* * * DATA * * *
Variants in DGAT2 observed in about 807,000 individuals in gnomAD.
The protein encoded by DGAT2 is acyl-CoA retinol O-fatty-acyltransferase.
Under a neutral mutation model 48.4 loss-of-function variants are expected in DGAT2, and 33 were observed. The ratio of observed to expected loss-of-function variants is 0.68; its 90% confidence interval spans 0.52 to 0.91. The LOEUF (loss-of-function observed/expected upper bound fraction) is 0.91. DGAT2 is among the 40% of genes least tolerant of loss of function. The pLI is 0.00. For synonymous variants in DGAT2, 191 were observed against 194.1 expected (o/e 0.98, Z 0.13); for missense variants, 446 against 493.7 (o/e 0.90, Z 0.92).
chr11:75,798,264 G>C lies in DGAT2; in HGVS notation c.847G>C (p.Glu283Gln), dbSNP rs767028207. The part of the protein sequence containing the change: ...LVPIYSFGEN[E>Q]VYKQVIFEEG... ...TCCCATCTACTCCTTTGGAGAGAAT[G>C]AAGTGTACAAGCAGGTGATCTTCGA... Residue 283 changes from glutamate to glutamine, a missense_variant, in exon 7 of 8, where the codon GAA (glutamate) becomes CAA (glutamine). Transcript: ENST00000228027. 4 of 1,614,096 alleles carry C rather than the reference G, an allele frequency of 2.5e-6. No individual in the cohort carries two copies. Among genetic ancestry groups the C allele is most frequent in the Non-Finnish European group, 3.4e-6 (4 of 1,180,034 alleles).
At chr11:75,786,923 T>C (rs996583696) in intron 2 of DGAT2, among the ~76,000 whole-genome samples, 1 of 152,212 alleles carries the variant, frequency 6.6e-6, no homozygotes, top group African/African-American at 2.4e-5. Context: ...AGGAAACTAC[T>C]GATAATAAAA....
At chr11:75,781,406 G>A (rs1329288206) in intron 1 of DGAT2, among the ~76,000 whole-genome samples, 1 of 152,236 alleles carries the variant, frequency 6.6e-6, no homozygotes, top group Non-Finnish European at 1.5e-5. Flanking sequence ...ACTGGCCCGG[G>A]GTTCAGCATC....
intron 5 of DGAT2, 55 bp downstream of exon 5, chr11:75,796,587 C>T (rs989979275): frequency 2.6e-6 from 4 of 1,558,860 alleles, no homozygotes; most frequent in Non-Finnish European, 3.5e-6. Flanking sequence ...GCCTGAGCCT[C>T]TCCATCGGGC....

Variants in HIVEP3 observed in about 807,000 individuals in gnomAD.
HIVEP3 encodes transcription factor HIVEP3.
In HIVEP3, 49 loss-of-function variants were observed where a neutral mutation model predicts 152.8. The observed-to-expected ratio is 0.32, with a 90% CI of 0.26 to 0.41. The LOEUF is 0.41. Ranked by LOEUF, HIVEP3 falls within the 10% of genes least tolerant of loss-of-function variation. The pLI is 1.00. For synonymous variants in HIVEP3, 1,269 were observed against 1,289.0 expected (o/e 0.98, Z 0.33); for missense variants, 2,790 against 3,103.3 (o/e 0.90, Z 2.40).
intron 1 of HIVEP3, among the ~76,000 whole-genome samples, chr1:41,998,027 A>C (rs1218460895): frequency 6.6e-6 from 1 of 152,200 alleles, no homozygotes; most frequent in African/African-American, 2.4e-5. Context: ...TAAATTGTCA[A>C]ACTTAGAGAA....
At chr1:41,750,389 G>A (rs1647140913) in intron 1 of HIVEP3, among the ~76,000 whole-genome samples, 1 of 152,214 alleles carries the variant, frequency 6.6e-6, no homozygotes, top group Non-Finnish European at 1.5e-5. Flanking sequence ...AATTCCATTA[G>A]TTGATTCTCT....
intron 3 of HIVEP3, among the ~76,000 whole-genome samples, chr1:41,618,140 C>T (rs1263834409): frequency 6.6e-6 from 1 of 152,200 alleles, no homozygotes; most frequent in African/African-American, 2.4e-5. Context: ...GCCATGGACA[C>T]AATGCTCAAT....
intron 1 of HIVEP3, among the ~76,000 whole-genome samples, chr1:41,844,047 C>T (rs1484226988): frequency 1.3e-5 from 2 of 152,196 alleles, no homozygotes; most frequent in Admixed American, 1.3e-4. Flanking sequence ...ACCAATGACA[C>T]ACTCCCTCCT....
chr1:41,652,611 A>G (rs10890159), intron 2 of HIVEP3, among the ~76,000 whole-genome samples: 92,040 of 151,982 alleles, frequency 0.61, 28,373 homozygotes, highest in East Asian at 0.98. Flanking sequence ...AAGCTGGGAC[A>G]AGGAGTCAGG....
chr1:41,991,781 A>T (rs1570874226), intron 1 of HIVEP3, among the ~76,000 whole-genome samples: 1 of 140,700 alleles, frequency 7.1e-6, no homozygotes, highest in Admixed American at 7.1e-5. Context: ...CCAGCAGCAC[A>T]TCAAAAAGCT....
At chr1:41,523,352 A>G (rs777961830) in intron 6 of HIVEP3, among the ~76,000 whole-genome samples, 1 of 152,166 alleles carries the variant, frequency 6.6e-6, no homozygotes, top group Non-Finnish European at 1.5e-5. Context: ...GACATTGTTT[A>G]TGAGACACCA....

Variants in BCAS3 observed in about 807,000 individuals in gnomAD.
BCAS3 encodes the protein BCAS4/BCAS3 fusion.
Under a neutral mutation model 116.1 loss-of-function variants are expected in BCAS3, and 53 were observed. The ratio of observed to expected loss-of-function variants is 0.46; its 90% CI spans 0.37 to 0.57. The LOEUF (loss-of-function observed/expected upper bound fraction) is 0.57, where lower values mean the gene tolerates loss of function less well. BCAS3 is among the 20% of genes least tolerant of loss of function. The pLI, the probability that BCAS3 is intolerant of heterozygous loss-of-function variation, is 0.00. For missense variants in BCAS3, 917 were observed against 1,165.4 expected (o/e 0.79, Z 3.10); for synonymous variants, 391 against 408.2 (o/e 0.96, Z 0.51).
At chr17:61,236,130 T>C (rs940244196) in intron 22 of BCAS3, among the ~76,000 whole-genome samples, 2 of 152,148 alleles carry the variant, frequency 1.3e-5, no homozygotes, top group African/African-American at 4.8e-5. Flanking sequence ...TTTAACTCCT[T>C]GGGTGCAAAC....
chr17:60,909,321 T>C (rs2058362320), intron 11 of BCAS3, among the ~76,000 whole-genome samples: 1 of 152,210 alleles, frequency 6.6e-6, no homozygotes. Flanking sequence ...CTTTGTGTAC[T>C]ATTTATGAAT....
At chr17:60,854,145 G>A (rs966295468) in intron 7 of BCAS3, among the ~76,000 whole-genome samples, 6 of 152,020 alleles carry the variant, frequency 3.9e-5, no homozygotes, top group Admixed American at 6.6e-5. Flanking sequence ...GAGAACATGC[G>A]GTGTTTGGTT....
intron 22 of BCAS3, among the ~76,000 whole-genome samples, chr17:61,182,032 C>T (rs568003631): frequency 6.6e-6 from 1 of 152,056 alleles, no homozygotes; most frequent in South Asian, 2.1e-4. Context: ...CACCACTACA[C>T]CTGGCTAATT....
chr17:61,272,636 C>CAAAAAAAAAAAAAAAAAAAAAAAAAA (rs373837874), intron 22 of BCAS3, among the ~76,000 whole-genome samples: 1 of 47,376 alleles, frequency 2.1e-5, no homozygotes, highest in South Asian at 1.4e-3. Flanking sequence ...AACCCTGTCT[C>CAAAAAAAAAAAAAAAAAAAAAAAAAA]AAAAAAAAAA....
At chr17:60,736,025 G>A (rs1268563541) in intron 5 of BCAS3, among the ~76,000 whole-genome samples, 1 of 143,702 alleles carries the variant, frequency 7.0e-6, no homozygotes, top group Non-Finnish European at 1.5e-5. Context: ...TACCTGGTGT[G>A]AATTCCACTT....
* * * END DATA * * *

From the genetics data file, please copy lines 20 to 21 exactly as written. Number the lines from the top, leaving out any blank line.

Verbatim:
Under a neutral mutation model 116.1 loss-of-function variants are expected in BCAS3, and 53 were observed. The ratio of observed to expected loss-of-function variants is 0.46; its 90% CI spans 0.37 to 0.57. The LOEUF (loss-of-function observed/expected upper bound fraction) is 0.57, where lower values mean the gene tolerates loss of function less well. BCAS3 is among the 20% of genes least tolerant of loss of function. The pLI, the probability that BCAS3 is intolerant of heterozygous loss-of-function variation, is 0.00. For missense variants in BCAS3, 917 were observed against 1,165.4 expected (o/e 0.79, Z 3.10); for synonymous variants, 391 against 408.2 (o/e 0.96, Z 0.51).
At chr17:61,236,130 T>C (rs940244196) in intron 22 of BCAS3, among the ~76,000 whole-genome samples, 2 of 152,148 alleles carry the variant, frequency 1.3e-5, no homozygotes, top group African/African-American at 4.8e-5. Flanking sequence ...TTTAACTCCT[T>C]GGGTGCAAAC....